purpose of preserving all the rights of the people in Hawaii, and all classes of 
property, the public peace and general welfare, the promotion of the health and 
the education of those people, and, in fact, every benevolence that government can 
bestow upon any class of mankind.
Now, in approaching this question the commission had a certain guide, which 
is foiled in the statute of annexation, and that is a peculiar statute. There was 
but one like it, an act annexing the Territory of Louisiana after the treaty of 
1804,1 believe it was. This statute in its principles and in several of its 
provisions was copied from the statute annexing Louisiana to the American Union 
after the treaty of purchase had been ratified. That statute was approved by 
Thomas Jefferson, and its principles have always been recognized as sound 
constitutional principles and sound principles of public policy.
Now, let us see what the statute annexing the Hawaiian Islands to the United 
States provided should be done:
Resolved by the Senate, and House of Representatives, etc.. That said cession is accepted, 
ratified, and confirmed, and that the said Hawaiian Islands and their dependencies be, 
and they are hereby, annexed as a part of the territory of the United States and are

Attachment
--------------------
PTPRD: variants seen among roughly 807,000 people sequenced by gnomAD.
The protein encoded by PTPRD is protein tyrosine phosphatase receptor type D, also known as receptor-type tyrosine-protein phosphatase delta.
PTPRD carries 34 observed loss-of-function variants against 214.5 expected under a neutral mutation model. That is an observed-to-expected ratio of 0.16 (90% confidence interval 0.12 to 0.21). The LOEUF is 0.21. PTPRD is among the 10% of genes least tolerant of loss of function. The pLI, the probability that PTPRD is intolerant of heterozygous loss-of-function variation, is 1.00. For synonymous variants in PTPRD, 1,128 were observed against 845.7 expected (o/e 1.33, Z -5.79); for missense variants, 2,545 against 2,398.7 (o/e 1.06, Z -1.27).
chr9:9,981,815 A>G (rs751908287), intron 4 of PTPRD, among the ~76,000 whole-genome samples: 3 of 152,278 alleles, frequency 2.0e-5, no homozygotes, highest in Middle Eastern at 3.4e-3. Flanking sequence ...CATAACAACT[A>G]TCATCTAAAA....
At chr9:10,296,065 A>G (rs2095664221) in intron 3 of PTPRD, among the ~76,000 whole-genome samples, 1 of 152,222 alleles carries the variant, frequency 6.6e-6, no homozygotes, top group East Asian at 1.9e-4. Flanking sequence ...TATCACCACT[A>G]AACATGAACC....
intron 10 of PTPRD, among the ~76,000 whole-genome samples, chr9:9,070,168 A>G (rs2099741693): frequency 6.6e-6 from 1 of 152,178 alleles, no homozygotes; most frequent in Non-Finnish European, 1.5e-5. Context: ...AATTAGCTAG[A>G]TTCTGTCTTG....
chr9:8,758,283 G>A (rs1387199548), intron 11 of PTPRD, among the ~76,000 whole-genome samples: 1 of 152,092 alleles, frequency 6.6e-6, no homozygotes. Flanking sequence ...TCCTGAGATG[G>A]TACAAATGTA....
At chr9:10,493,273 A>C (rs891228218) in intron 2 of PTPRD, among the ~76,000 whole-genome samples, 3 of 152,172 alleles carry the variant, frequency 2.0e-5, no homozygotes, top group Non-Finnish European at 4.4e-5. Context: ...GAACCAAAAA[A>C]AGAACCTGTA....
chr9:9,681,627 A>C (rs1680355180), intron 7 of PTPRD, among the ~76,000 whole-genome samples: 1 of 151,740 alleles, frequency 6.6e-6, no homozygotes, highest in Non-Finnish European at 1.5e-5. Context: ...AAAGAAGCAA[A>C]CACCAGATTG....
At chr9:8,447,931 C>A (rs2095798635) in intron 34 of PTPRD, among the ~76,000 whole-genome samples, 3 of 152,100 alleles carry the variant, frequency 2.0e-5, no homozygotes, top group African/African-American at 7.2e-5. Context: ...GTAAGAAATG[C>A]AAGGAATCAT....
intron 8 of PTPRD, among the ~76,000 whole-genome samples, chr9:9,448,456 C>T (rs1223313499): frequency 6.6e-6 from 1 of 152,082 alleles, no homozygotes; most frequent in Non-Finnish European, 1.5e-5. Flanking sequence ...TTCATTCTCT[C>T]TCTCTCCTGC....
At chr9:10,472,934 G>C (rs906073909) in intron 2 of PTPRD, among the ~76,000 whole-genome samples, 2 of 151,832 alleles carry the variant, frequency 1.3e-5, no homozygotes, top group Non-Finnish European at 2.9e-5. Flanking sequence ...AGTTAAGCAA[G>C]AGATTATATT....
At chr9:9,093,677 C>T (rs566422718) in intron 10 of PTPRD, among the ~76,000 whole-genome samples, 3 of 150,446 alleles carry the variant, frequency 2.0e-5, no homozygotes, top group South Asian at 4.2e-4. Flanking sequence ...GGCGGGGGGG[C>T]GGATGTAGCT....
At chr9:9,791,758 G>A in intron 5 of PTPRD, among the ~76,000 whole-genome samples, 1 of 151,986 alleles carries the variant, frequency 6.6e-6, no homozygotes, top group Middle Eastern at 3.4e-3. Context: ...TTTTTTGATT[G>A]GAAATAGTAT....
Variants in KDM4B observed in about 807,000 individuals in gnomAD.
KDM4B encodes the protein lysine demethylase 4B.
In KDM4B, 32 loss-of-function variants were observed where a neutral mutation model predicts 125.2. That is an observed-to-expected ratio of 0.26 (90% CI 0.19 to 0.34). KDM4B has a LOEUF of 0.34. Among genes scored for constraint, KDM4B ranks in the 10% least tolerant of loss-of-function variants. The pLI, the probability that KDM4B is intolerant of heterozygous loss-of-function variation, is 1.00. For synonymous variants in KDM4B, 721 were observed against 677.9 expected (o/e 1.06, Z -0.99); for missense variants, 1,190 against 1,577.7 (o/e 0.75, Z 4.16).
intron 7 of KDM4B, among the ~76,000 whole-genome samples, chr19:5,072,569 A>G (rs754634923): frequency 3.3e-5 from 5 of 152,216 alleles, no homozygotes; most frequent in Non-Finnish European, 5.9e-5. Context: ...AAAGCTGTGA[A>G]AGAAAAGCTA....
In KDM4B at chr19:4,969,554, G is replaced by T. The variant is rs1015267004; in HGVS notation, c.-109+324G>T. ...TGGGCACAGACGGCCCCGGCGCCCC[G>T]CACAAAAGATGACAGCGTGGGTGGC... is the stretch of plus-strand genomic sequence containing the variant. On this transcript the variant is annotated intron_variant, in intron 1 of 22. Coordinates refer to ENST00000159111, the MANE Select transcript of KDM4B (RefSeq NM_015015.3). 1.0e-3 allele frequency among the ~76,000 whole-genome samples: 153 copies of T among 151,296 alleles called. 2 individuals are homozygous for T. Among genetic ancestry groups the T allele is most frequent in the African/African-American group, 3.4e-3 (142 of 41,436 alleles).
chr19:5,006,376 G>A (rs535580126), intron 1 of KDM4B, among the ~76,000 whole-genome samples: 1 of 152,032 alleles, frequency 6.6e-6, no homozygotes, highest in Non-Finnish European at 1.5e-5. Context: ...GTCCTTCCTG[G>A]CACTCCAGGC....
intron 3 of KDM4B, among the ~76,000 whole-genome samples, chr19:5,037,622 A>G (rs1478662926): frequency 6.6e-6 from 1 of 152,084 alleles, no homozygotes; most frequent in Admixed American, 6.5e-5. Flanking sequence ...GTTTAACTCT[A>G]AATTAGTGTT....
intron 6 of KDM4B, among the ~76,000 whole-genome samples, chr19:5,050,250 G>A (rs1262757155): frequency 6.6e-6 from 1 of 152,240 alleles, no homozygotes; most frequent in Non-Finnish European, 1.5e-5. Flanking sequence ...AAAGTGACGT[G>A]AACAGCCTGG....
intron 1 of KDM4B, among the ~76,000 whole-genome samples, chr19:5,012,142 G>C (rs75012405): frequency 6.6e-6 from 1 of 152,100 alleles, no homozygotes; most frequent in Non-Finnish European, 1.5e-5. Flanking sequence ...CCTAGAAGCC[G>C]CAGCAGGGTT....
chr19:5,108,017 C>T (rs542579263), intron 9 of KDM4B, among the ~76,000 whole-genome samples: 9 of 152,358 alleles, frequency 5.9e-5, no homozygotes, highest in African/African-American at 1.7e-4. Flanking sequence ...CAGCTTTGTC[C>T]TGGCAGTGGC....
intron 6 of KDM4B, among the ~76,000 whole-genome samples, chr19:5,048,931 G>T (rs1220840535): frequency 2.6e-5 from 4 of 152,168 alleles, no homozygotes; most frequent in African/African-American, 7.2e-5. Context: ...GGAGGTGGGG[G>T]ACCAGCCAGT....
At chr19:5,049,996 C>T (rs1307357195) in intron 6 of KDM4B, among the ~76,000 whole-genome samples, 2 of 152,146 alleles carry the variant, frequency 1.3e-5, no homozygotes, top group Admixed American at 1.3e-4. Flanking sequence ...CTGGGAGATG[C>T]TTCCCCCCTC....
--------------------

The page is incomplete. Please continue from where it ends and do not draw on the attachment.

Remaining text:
subject to the sovereign dominion thereof, and that all and singular the property and 
rights hereinbefore mentioned are vested in the United States of America.
That is the right of public property.
The existing laws of the United States relative to public lands shall not 
apply to such lands in the Hawaiian Islands-
That leaves that branch of our legislation entirely out of the question; it does 
not apply-
but the Congress of the United States shall enact special laws for their management and 
disposition: Provided, That all revenue from or proceeds of the same, except as regards 
such part thereof as may be used or occupied for the civil, military, or naval purposes of the 
United States, or may be assigned for the use of the local government shall be used solely 
for the benefit of the in-habitants of the Hawaiian Islands for educational and other public 
Then the great land domain there, the whole of it, is taken up and disposed of 
by that enactment.